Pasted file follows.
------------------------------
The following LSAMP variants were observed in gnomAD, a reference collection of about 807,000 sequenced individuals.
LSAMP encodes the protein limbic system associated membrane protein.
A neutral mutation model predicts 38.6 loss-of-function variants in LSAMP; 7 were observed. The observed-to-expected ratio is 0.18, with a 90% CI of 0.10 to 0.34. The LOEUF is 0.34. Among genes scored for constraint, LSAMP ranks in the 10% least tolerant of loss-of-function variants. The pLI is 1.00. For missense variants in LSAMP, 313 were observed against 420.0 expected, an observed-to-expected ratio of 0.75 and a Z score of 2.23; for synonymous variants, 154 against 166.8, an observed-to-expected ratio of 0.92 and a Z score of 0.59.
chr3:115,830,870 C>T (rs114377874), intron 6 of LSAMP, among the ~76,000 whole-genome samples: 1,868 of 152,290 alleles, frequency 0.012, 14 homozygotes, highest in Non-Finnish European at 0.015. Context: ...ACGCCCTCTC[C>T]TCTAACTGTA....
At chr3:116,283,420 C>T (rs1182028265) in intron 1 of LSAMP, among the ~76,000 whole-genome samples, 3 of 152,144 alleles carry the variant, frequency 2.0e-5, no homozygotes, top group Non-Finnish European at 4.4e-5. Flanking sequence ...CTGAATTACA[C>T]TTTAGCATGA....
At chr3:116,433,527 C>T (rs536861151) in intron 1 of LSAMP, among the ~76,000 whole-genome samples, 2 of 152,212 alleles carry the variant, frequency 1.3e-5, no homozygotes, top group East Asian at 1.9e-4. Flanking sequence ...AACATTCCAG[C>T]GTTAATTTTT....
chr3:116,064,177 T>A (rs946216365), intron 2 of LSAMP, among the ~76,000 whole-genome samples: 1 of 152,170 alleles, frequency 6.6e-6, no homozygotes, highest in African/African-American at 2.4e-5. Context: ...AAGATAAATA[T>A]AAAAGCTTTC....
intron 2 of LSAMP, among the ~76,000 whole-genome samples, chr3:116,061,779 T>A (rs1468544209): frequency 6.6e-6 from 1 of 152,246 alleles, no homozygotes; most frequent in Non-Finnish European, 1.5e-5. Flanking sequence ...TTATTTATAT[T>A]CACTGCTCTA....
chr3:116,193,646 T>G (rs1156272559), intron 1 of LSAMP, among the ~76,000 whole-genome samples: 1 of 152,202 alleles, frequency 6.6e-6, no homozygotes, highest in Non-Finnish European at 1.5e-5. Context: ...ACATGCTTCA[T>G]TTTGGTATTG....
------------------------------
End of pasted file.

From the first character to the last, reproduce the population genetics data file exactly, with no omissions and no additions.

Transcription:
The following LSAMP variants were observed in gnomAD, a reference collection of about 807,000 sequenced individuals.
LSAMP encodes the protein limbic system associated membrane protein.
A neutral mutation model predicts 38.6 loss-of-function variants in LSAMP; 7 were observed. The observed-to-expected ratio is 0.18, with a 90% CI of 0.10 to 0.34. The LOEUF is 0.34. Among genes scored for constraint, LSAMP ranks in the 10% least tolerant of loss-of-function variants. The pLI is 1.00. For missense variants in LSAMP, 313 were observed against 420.0 expected, an observed-to-expected ratio of 0.75 and a Z score of 2.23; for synonymous variants, 154 against 166.8, an observed-to-expected ratio of 0.92 and a Z score of 0.59.
chr3:115,830,870 C>T (rs114377874), intron 6 of LSAMP, among the ~76,000 whole-genome samples: 1,868 of 152,290 alleles, frequency 0.012, 14 homozygotes, highest in Non-Finnish European at 0.015. Context: ...ACGCCCTCTC[C>T]TCTAACTGTA....
At chr3:116,283,420 C>T (rs1182028265) in intron 1 of LSAMP, among the ~76,000 whole-genome samples, 3 of 152,144 alleles carry the variant, frequency 2.0e-5, no homozygotes, top group Non-Finnish European at 4.4e-5. Flanking sequence ...CTGAATTACA[C>T]TTTAGCATGA....
At chr3:116,433,527 C>T (rs536861151) in intron 1 of LSAMP, among the ~76,000 whole-genome samples, 2 of 152,212 alleles carry the variant, frequency 1.3e-5, no homozygotes, top group East Asian at 1.9e-4. Flanking sequence ...AACATTCCAG[C>T]GTTAATTTTT....
chr3:116,064,177 T>A (rs946216365), intron 2 of LSAMP, among the ~76,000 whole-genome samples: 1 of 152,170 alleles, frequency 6.6e-6, no homozygotes, highest in African/African-American at 2.4e-5. Context: ...AAGATAAATA[T>A]AAAAGCTTTC....
intron 2 of LSAMP, among the ~76,000 whole-genome samples, chr3:116,061,779 T>A (rs1468544209): frequency 6.6e-6 from 1 of 152,246 alleles, no homozygotes; most frequent in Non-Finnish European, 1.5e-5. Flanking sequence ...TTATTTATAT[T>A]CACTGCTCTA....
chr3:116,193,646 T>G (rs1156272559), intron 1 of LSAMP, among the ~76,000 whole-genome samples: 1 of 152,202 alleles, frequency 6.6e-6, no homozygotes, highest in Non-Finnish European at 1.5e-5. Context: ...ACATGCTTCA[T>G]TTTGGTATTG....